Pinnacle Point’s convoluted saga will occupy the courts for some time

Posted On Tuesday, 28 February 2012 02:00 Published by eProp Commercial Property News
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While the liquidation will lead to the winding up of the company, a long list of other court processes and investigations are trying to get to the bottom of the mess

Enoch GodongwanaWho knew the arcane world of derivatives could provide so much intrigue? But intrigue is being delivered in bucket loads as the Pinnacle Point saga lurches from one court session to the next.

Last week, an insolvency hearing began in Cape Town into the one-time luxury property developer. Directors are blaming the banks, Absa in particular, for the company’s travails. The banks, along with a good whack of the shareholders and other creditors, are blaming the directors.

And while the liquidation process will lead to the winding up of the company, there is a long list of other court processes and investigations that are trying to get to the bottom of the mess. Someone, eventually, will have to pick up the multi billion rand tab.

A brief synopsis of the story. A major shareholder in Pinnacle Point, one-time pyramid scheme operator Jac de Beer, switches his direct holding into futures in the company. In so doing he frees up much cash, which he uses to buy more futures.

So big does his exposure become to the company that he has to keep on buying any shares on the market to prevent the share price from sinking.

Absa is unknowingly financing him to do it (quite how a bank puts about R1bn at risk without realising it is a tale all of its own). When the bank wakes up to its liability, in late 2008, it puts its foot down, causing the share price to go into free fall.

Absa ends up owning a good chunk of the company as well as having provided it with much debt (alongside Investec ).

In an effort to salvage what it can, it rolls up its sleeves to try to rescue the business. But when Maria Ramos is appointed CE of Absa, she becomes concerned the bank is throwing good money after bad and wants out of Pinnacle as quickly as possible.

The story takes another curious twist when an asset manager called Trilinear, using clothing workers’ money, agrees to buy Absa out of its pickle. Trilinear, it turns out, was not exactly on top of its game.

It was under investigation by the Financial Services Board (FSB) and, in a separate saga, had lent R100m of workers’ pension money to a company that benefited the recently departed deputy minister of economic development, Enoch Godongwana. The clothing workers’ union is trying to figure out what on earth motivated Trilinear to hand over more of its cash to buy into Pinnacle, which is now pretty much worthless. Shareholders will not see a cent, and other creditors will be getting pennies.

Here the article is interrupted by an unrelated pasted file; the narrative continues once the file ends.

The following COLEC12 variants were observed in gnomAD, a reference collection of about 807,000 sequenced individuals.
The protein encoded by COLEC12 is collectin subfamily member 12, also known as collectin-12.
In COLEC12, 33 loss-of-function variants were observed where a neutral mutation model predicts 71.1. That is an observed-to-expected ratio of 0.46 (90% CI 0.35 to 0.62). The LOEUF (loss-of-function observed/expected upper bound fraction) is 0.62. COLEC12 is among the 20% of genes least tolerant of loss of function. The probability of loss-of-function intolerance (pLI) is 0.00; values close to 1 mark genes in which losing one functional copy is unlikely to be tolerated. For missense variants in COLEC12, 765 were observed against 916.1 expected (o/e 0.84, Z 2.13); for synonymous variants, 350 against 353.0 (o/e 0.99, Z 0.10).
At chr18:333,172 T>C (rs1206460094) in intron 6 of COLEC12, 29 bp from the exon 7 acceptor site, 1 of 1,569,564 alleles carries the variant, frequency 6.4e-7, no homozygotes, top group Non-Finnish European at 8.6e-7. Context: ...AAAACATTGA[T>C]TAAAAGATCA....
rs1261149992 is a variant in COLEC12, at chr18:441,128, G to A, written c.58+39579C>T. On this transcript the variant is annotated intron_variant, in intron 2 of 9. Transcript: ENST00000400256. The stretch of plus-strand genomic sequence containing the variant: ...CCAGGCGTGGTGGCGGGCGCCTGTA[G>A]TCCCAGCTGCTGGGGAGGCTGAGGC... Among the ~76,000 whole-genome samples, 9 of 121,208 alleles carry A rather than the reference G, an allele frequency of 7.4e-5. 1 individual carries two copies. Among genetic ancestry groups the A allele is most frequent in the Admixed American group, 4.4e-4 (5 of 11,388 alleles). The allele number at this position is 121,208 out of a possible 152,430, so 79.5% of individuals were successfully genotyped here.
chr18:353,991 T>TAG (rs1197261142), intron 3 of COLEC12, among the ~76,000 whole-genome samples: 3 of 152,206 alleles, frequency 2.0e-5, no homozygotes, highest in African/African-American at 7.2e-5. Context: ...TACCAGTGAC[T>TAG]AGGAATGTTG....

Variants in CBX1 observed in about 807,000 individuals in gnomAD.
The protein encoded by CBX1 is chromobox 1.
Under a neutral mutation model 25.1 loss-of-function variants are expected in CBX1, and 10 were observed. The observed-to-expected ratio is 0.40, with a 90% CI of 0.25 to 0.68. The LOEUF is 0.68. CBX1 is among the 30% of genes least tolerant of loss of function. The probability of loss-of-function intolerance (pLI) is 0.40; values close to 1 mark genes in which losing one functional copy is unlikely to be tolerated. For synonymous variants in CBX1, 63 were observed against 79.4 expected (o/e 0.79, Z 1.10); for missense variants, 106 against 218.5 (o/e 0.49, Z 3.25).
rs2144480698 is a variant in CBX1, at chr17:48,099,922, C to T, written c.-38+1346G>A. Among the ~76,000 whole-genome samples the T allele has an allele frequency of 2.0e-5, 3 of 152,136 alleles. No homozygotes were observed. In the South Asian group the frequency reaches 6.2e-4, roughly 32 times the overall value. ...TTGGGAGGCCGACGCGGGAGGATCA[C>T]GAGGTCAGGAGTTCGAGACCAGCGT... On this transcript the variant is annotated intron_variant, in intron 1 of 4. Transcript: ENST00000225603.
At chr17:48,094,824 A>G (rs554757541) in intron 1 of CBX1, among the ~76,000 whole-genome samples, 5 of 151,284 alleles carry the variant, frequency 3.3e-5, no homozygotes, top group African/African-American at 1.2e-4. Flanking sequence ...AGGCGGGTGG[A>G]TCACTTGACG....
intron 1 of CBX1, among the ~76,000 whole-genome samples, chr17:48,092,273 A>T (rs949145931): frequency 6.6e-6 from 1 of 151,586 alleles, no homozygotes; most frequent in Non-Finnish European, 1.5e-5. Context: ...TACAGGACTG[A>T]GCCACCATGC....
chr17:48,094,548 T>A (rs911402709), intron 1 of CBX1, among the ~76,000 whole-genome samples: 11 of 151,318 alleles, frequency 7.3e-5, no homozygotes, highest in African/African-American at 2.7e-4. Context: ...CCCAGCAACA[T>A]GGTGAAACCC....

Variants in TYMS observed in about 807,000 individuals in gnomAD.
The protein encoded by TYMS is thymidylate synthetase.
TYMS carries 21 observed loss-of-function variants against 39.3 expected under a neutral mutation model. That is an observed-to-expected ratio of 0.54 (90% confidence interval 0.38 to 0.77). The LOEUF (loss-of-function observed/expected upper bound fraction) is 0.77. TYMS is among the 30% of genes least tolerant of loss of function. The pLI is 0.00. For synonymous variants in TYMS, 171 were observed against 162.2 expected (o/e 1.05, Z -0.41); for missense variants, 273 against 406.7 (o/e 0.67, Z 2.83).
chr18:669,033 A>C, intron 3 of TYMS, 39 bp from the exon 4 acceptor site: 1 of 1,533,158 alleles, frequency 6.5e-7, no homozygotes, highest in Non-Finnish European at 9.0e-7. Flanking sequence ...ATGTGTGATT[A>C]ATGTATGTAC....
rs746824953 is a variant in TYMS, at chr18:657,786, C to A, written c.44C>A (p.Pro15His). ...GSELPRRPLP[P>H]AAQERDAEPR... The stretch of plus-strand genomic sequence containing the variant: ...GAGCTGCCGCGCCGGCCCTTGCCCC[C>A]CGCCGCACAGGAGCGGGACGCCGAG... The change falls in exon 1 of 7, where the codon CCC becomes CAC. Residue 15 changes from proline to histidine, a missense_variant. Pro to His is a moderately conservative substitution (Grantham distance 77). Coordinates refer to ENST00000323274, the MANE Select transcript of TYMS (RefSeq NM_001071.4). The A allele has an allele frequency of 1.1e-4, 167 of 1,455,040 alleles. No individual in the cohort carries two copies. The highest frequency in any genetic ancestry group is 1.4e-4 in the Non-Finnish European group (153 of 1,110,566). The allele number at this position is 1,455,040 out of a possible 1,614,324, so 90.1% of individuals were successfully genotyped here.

Absa is suing Nedbank , which it alleges knowingly and illegally put it on the hook for the whole mess. Some Pinnacle shareholders are also suing Nedbank, while others are suing Absa.

The FSB has withdrawn Trilinear’s licence and its head is facing criminal charges.

While its liquidation may be Pinnacle’s swan song, its foetid rump will be flogged for some time to come.

ABSA still has its sleeves rolled up when it comes to its own business. Last week it told 1600 workers in its IT division to reapply for their jobs, or find positions elsewhere in the group. It is a strategy Absa has made much use of. It is as near as you can get to retrenching people without technically doing it.

Staff have to choose between accepting another position in some office that may be far away (Absa has mentioned positions are available in subsidiaries in Mozambique and Tanzania), or packing their bags. This all in an effort to save costs.

On the same day, FNB was advertising 40 new posts in its IT department. That, it says, was coincidence, though no doubt many Absa CVs will be heading its way. But it highlights the different strategies of the two groups.

Absa is doing a good job of slashing costs, but it is trimming the business along with it. Market share is sliding in many key areas. FNB, on the other hand, is hiring, while its market share is growing. Both strategies can boost the bottom line, so shareholders should be happy either way.

The problem is that there is only so far you can go on cutting costs. And if you’re losing market share at the same time, when you run out of costs to cut you suddenly find there’s no way to grow the business.

That’s the predicament Nedbank found itself in a decade ago, and it has taken it years to recover. If Absa is to avoid a similar fate, it has to think up a credible growth strategy now.

Last modified on Friday, 08 November 2013 20:16

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